The Political Economy of Destructive Power
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The Political Economy of Destructive Power

Mehrdad Vahabi

Economic science has extensively studied the creative power of individuals and social groups, but it has largely ignored the destructive power of economic agents. This highly original book redresses the balance and, for the first time, looks at how much an agent can destroy. Destructive power is conceptualised in a unique way, covering all types of deliberate (violent and non-violent) social conflict behaviour. The theoretical arguments in the book are skilfully linked to burning political issues of our time such as the 9/11 terrorist attacks and the Second Gulf War.
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Chapter 3: The Social Nature of Destructive Power

Mehrdad Vahabi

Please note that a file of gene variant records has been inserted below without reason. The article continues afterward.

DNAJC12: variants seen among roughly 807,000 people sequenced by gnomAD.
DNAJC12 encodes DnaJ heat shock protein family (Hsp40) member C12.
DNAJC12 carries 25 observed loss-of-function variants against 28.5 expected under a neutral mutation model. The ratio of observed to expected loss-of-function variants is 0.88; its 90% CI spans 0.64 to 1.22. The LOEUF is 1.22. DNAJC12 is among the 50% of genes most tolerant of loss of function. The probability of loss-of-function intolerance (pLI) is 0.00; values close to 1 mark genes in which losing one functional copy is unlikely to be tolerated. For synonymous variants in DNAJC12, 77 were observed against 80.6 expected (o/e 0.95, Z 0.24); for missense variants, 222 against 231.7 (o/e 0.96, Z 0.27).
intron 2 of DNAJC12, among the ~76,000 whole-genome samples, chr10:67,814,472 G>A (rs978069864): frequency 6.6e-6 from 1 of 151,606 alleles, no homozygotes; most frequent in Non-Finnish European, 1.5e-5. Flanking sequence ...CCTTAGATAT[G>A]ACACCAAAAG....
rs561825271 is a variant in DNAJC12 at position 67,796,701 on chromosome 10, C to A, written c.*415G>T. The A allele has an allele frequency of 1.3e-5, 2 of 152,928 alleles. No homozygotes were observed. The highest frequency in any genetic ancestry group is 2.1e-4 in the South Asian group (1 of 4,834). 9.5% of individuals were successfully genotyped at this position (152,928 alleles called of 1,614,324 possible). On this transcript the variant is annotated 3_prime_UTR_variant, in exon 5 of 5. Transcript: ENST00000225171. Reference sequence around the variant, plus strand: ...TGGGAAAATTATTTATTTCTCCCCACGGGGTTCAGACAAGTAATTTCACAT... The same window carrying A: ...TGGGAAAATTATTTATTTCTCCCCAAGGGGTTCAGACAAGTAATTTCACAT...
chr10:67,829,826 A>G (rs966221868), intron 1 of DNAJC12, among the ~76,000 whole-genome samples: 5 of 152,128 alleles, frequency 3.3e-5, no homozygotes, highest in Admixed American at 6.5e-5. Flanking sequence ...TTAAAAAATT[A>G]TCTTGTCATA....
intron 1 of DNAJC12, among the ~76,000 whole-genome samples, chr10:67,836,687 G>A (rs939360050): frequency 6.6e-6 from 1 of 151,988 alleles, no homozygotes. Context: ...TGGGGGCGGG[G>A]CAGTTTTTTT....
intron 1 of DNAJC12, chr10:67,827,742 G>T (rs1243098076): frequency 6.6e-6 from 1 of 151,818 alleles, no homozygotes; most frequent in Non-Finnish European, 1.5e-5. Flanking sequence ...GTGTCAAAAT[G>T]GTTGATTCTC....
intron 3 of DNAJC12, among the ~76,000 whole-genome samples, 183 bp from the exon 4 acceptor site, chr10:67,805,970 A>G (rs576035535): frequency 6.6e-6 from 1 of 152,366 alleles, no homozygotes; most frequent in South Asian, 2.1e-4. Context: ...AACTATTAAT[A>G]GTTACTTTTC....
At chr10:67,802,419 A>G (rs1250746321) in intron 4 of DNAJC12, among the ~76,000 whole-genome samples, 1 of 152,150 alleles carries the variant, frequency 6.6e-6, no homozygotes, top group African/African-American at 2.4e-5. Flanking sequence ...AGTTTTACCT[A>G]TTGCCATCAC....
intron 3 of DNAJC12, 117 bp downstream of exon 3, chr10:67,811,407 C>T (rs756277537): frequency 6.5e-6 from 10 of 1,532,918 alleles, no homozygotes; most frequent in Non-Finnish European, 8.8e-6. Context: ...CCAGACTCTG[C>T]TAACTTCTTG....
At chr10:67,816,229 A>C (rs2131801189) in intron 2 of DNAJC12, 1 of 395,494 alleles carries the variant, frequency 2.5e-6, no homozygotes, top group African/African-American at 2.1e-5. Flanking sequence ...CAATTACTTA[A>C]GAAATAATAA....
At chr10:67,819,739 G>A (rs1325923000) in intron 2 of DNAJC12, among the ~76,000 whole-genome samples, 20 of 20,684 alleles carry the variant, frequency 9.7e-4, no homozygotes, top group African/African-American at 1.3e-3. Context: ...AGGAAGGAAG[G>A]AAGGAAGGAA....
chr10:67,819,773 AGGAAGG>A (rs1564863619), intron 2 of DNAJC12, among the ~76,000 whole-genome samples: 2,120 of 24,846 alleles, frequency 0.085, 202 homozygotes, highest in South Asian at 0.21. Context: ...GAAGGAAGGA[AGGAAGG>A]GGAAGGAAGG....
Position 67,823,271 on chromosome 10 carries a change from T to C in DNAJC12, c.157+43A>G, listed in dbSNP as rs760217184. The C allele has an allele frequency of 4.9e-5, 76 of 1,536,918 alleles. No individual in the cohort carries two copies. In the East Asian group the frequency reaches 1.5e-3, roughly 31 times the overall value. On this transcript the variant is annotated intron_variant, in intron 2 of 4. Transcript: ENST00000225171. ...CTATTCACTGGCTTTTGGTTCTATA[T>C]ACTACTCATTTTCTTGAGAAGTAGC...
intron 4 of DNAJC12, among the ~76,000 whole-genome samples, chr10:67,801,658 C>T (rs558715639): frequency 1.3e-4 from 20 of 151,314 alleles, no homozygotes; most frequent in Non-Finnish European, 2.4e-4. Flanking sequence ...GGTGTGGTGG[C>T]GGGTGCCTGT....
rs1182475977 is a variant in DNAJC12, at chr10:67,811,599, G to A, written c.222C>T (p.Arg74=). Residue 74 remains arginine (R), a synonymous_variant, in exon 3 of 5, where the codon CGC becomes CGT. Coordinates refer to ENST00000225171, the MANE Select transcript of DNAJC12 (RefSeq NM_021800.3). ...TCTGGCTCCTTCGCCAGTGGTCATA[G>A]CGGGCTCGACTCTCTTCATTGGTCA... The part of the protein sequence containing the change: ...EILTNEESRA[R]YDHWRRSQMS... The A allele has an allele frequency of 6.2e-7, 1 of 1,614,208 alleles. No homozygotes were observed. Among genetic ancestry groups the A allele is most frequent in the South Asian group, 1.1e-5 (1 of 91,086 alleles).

INTRODUCTION Destructive power has been studied from different angles. In the preceding chapter, we noted that in rational conflict theory, general equilibrium models of political instability, rational expectations models of domestic violence and other strands of the neoclassical approach, rational behaviour is incompatible with real destruction and violence. Even in an equilibrium competitive market economy with rational agents choosing between appropriative and destructive activities, there would not be real destruction or violence. Hence, real destruction can originate from random events, asymmetrical information, or disequilibrium. Following Pareto (1935), many economists believe that real destruction as a manifestation of irrational behaviour should be the object of sociological studies. For example, in his theory of revolution and war, Pareto distinguishes between two different types of qualities or ‘residues’, namely ‘combination-instincts’ and ‘grouppersistence’. According to him, the governing elite of the democracy is rich in the so-called ‘combination-instincts’. This term means that they are materialistic and individualistic, innovating and risk-taking, pacific and reliant on persuasion and guile (combinazioni in the Italian sense) rather than on force. They are the ‘Athenians’ or ‘foxes’, while those governing Byzantium are the ‘Spartans’ or ‘lions’.54 However, for ruling, it is also necessary to possess group-persistence instincts implying the use of force and violence to defend one’s own interests. Revolution and defeat in war can be explained by a disequilibrium in the necessary proportions between these two different qualities: ‘[I]n the long-run the differences in temperament between the governing class and the subject class become gradually accentuated, the...

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